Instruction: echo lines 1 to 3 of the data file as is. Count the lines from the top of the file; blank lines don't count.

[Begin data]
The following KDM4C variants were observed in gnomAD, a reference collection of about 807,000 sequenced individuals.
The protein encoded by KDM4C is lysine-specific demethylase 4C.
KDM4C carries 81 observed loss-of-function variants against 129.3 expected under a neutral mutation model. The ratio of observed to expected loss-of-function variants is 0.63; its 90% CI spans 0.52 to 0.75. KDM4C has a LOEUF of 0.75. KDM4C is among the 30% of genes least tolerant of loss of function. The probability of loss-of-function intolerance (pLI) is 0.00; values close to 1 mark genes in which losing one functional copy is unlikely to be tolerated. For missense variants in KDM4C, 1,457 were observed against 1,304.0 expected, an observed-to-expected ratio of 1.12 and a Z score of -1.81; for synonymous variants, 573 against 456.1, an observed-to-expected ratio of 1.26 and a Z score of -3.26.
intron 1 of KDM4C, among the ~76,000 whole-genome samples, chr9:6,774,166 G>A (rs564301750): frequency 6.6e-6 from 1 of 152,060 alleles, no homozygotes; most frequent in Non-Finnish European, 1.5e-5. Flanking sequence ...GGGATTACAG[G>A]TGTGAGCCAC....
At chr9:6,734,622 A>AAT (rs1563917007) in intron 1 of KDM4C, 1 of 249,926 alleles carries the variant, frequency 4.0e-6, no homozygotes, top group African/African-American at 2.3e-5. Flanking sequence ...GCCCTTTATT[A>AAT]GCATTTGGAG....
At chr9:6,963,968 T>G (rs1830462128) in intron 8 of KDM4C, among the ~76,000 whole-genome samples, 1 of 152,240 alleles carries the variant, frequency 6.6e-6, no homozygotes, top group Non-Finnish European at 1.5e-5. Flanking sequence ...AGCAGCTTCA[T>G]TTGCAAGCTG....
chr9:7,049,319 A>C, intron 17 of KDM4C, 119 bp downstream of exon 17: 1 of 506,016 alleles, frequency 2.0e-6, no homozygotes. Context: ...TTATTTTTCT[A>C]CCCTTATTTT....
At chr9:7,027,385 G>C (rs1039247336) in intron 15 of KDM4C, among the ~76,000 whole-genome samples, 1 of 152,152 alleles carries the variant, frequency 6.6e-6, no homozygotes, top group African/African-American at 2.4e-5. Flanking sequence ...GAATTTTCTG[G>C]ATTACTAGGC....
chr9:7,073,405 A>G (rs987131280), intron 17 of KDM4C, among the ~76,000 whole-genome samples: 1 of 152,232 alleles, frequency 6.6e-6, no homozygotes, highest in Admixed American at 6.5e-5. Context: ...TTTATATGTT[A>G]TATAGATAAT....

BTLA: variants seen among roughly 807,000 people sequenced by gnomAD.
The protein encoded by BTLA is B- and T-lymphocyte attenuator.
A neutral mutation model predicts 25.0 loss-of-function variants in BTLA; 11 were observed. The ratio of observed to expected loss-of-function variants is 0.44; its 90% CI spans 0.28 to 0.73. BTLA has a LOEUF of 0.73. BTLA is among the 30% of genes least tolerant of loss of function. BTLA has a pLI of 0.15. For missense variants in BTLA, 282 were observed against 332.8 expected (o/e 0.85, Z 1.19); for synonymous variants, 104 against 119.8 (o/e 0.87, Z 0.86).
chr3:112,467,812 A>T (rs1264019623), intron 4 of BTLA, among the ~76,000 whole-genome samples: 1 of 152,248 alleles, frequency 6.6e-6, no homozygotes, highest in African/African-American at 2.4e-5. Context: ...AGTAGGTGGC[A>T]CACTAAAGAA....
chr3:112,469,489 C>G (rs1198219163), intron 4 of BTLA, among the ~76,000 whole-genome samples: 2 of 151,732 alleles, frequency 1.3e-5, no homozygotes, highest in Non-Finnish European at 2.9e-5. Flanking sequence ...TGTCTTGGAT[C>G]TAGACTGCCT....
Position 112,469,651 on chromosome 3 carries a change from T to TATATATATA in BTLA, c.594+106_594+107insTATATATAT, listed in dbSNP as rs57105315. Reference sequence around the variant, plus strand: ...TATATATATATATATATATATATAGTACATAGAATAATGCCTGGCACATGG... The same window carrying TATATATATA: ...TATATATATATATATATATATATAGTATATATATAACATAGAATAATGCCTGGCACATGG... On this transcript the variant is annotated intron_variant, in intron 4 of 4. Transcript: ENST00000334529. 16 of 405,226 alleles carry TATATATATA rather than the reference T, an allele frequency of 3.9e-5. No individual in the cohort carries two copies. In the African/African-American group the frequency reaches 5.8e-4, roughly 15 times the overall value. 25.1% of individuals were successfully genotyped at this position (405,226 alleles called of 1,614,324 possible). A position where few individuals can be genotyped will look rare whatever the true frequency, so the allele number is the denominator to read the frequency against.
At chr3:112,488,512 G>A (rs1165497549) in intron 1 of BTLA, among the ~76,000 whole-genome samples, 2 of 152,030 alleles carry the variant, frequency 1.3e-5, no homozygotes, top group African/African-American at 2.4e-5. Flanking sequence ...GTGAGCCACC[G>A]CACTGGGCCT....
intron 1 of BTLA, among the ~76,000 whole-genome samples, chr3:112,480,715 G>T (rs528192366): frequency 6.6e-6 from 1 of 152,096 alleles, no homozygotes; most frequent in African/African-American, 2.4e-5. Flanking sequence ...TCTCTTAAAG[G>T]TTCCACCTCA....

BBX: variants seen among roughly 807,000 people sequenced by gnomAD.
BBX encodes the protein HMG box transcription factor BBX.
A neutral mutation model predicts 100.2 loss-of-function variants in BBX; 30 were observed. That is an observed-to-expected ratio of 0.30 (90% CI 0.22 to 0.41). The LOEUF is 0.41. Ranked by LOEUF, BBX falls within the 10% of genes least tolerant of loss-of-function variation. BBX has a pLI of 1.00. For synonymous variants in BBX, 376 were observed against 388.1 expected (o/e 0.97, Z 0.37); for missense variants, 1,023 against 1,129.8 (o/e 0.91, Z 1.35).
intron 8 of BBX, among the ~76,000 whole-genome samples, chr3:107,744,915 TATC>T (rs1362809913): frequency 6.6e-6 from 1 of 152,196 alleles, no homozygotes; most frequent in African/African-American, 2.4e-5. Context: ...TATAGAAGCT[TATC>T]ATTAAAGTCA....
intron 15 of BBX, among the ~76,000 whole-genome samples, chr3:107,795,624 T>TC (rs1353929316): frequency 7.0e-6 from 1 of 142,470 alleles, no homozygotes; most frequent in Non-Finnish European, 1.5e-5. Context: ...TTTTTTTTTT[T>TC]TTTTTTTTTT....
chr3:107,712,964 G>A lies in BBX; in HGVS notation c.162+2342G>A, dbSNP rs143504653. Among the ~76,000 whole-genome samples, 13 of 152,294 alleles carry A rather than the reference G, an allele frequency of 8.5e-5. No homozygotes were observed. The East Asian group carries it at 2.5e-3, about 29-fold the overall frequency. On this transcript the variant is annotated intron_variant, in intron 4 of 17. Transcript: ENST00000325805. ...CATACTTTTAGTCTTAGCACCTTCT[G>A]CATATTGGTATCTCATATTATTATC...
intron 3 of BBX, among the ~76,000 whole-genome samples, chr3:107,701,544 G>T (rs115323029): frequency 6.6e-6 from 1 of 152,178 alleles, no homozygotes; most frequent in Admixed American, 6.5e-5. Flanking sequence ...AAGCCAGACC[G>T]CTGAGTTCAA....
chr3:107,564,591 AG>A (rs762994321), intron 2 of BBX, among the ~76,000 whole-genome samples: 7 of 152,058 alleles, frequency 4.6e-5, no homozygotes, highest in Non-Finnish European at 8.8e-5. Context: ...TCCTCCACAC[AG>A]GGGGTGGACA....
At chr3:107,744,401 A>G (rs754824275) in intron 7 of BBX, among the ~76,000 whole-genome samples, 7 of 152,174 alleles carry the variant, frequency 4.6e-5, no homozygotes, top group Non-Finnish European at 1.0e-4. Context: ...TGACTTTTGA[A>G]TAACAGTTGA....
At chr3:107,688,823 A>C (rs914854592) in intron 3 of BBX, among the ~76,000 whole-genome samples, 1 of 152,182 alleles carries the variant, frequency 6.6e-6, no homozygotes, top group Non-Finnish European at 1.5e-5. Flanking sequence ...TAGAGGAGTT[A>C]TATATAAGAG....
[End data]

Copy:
The following KDM4C variants were observed in gnomAD, a reference collection of about 807,000 sequenced individuals.
The protein encoded by KDM4C is lysine-specific demethylase 4C.
KDM4C carries 81 observed loss-of-function variants against 129.3 expected under a neutral mutation model. The ratio of observed to expected loss-of-function variants is 0.63; its 90% CI spans 0.52 to 0.75. KDM4C has a LOEUF of 0.75. KDM4C is among the 30% of genes least tolerant of loss of function. The probability of loss-of-function intolerance (pLI) is 0.00; values close to 1 mark genes in which losing one functional copy is unlikely to be tolerated. For missense variants in KDM4C, 1,457 were observed against 1,304.0 expected, an observed-to-expected ratio of 1.12 and a Z score of -1.81; for synonymous variants, 573 against 456.1, an observed-to-expected ratio of 1.26 and a Z score of -3.26.